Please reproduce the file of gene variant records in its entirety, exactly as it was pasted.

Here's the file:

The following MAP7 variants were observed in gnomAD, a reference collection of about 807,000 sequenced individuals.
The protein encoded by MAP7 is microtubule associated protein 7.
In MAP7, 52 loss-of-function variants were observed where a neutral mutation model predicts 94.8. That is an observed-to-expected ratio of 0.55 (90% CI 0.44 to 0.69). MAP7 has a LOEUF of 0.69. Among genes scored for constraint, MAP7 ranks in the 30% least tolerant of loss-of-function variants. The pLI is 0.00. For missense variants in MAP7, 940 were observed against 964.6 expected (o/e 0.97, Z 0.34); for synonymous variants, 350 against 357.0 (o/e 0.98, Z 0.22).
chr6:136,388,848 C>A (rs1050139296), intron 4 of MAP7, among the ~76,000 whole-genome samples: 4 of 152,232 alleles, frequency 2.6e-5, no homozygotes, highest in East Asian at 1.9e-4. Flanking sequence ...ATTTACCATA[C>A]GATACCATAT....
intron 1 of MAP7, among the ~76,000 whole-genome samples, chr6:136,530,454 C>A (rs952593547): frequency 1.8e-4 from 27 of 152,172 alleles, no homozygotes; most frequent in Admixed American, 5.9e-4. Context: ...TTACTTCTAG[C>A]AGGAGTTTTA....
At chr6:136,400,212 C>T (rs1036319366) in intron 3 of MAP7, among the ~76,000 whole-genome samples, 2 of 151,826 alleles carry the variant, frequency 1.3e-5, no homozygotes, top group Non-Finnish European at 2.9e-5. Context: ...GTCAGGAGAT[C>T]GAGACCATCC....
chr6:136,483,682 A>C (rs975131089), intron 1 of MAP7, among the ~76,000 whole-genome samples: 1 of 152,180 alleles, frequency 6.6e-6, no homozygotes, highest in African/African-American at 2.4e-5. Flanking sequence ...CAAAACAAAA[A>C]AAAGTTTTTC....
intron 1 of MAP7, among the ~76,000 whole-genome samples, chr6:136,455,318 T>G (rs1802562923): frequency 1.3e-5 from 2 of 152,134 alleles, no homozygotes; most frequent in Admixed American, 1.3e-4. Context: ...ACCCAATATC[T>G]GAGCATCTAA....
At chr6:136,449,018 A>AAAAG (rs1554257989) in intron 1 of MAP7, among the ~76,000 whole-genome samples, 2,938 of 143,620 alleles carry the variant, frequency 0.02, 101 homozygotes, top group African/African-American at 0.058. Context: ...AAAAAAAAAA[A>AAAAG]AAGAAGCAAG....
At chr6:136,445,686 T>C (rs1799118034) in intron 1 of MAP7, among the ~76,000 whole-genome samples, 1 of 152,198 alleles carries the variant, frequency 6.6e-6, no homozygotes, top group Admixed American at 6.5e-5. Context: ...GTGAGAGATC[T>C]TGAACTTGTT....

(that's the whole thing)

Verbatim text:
The following MAP7 variants were observed in gnomAD, a reference collection of about 807,000 sequenced individuals.
The protein encoded by MAP7 is microtubule associated protein 7.
In MAP7, 52 loss-of-function variants were observed where a neutral mutation model predicts 94.8. That is an observed-to-expected ratio of 0.55 (90% CI 0.44 to 0.69). MAP7 has a LOEUF of 0.69. Among genes scored for constraint, MAP7 ranks in the 30% least tolerant of loss-of-function variants. The pLI is 0.00. For missense variants in MAP7, 940 were observed against 964.6 expected (o/e 0.97, Z 0.34); for synonymous variants, 350 against 357.0 (o/e 0.98, Z 0.22).
chr6:136,388,848 C>A (rs1050139296), intron 4 of MAP7, among the ~76,000 whole-genome samples: 4 of 152,232 alleles, frequency 2.6e-5, no homozygotes, highest in East Asian at 1.9e-4. Flanking sequence ...ATTTACCATA[C>A]GATACCATAT....
intron 1 of MAP7, among the ~76,000 whole-genome samples, chr6:136,530,454 C>A (rs952593547): frequency 1.8e-4 from 27 of 152,172 alleles, no homozygotes; most frequent in Admixed American, 5.9e-4. Context: ...TTACTTCTAG[C>A]AGGAGTTTTA....
At chr6:136,400,212 C>T (rs1036319366) in intron 3 of MAP7, among the ~76,000 whole-genome samples, 2 of 151,826 alleles carry the variant, frequency 1.3e-5, no homozygotes, top group Non-Finnish European at 2.9e-5. Context: ...GTCAGGAGAT[C>T]GAGACCATCC....
chr6:136,483,682 A>C (rs975131089), intron 1 of MAP7, among the ~76,000 whole-genome samples: 1 of 152,180 alleles, frequency 6.6e-6, no homozygotes, highest in African/African-American at 2.4e-5. Flanking sequence ...CAAAACAAAA[A>C]AAAGTTTTTC....
intron 1 of MAP7, among the ~76,000 whole-genome samples, chr6:136,455,318 T>G (rs1802562923): frequency 1.3e-5 from 2 of 152,134 alleles, no homozygotes; most frequent in Admixed American, 1.3e-4. Context: ...ACCCAATATC[T>G]GAGCATCTAA....
At chr6:136,449,018 A>AAAAG (rs1554257989) in intron 1 of MAP7, among the ~76,000 whole-genome samples, 2,938 of 143,620 alleles carry the variant, frequency 0.02, 101 homozygotes, top group African/African-American at 0.058. Context: ...AAAAAAAAAA[A>AAAAG]AAGAAGCAAG....
At chr6:136,445,686 T>C (rs1799118034) in intron 1 of MAP7, among the ~76,000 whole-genome samples, 1 of 152,198 alleles carries the variant, frequency 6.6e-6, no homozygotes, top group Admixed American at 6.5e-5. Context: ...GTGAGAGATC[T>C]TGAACTTGTT....